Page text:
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The Leavenworth Times - Leavenworth, KS
  • German POWs' stories told

  • Matthew Thompson is a registrar at the Dwight D. Eisenhower Presidential Library and Museum in Abilene, Kan. He will present “From Fatherland to Farmland” at 2 p.m. Saturday at the Lansing Historical Museum, 115 E. Kansas Ave. in Lansing, during the museum’s Kansas Day celebration.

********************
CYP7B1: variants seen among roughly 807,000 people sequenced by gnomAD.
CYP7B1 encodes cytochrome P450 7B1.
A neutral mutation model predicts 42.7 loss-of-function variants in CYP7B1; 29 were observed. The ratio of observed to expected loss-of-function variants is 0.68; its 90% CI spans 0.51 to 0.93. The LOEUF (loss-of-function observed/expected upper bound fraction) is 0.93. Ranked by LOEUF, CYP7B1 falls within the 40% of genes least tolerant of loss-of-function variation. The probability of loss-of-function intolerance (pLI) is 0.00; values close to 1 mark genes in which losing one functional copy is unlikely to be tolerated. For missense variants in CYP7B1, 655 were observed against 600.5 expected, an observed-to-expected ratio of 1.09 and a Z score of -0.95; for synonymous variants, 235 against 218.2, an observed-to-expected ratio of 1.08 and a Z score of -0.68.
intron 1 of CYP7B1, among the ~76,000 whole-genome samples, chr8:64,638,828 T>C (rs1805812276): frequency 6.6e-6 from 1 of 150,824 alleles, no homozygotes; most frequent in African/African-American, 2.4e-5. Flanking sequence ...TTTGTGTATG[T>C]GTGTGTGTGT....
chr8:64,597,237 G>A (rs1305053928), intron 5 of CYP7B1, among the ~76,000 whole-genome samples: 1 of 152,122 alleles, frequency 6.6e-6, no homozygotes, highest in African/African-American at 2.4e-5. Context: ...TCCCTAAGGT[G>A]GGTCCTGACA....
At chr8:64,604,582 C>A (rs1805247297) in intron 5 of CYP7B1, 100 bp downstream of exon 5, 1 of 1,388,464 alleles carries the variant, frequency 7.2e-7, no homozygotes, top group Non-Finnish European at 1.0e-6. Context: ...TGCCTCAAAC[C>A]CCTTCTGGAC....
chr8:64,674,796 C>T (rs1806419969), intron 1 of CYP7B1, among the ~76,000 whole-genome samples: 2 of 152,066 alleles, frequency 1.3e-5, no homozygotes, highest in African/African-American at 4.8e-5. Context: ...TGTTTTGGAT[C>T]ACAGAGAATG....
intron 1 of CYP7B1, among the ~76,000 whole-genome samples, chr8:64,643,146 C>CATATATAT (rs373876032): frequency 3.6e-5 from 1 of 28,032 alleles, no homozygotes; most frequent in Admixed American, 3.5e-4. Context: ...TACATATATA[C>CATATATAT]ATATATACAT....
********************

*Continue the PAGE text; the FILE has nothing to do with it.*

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  • 1) How did your research for "From Fatherland to Farmland" begin? What initially piqued your interest in the subject? I've been interested in World War II for a long time; it was a major focus for me when I was a student and continues to be in my professional capacity at the Eisenhower Presidential Museum. I've found that one of the best ways to make history interesting to other people is to discuss it in a context that is engaging and relatable, so doing a project on a significant aspect of World War II that occurred right here in Kansas seemed like a potentially useful approach. 2) How long did it take you to put the presentation together? I worked incrementally over several months to prepare this program, but it continues to evolve as I keep discovering new sources of information. 3) How many German POWs were in the plains states at the time? Of approximately 700 total POW compounds in the United States during WWII, there were 16 in Kansas of varying sizes, plus the Disciplinary Barracks at Fort Leavenworth. The largest POW camp in Kansas was at Concordia, which held about 4,000 Germans — both enlisted men and officers. A total of approximately 400,000 German prisoners were housed in the United States during the war. 4) Leavenworth County is the home of not only a military base, but also a military prison. Did your research yield any information about German POWs on Fort Leavenworth? Fort Leavenworth was home to the United States Disciplinary Barracks, which is where Axis POWs who were subjected to American courts martial could be sent. This generally referred to POWs who were charged with criminal behavior during an escape (although it's important to note that the act of escape itself was not a court-martial offense) or who committed crimes against American guards, civilians or other POWs. A total of 120 Germans and a small number of Italians were housed at the Disciplinary Barracks after being convicted of various crimes. After the war ended, prisoners who had completed their sentences were repatriated to their countries of origin via normal channels. However, 15 German POWs were sentenced to die at Fort Leavenworth (one of these was commuted to a prison term). The remaining 14 were hanged on a makeshift gallows that had been installed in the elevator shaft of a warehouse building. All of the death row prisoners at the USDB had been found guilty of murdering fellow Germans at regular POW camps in other parts of the country. This happened more often than people might expect, particularly during 1943-1944 and only a fraction of these incidents resulted in convictions. In almost all instances, the victims were POWs whose comrades believed they had behaved treasonously or dishonorably during the war or who harbored (or were merely suspected of harboring) defeatist or overtly anti-Nazi views. Camp Concordia, Kan., gained a particularly bad reputation for these problems during its first few months of operation. Three prisoner deaths occurred there that were deemed highly suspicious suicides or outright murders and the victims in each instance were prisoners who had run afoul of a cadre of ardent Nazi POWs who had taken charge. Once the US Army began more thoroughly and systematically vetting POWs and segregating the "incorrigible Nazis,” the situation in the regular camps improved considerably. By the end of the war, Camp Concordia was seen as a model facility. 5) What do you take away from the story about the German POWs here? Although there are plenty of examples of American conduct toward defeated Germans that are less than stellar, I believe that overall the United States did an admirable job of following the Geneva Convention relative to the treatment of prisoners of war. Almost without exception, every interview and letter I've come across from German veterans who were detained in America reflects extremely favorably about their treatment in captivity and the extent to which their dignity and human rights were respected. Some Americans objected to our government's strict adherence to the Geneva Convention and it wasn't unusual for there to be accusations that POWs were coddled and spoiled. However, I believe this policy was instrumental in establishing a cultural and political dialogue between our two countries both during and after the war. I would also argue that the experiences many Germans had as POWs in America were influential in West Germany's success at rebuilding itself as a stable and peaceful democracy. If there's a contemporary lesson to be drawn from all of this, I would suggest there's a strong relationship between the way America treats its enemies and the way other people view America. An adjutant at Camp Concordia, Capt. Karl Teufel, wrote extensively about the camp's history, and he offers a very insightful epilogue: "Not only have we preserved the integrity of our national signature to treaties which others have regarded as 'scraps of paper', but we have also convinced the world that America's altruism is a real characteristic even in times of great national anger. Many Americans resent the operations of the Convention, but with the passage of time and the return of greater objectivity, America will be proud of having honestly and conscientiously fulfilled her pledged obligations, in face of many circumstances which would have extenuated more rigid action."
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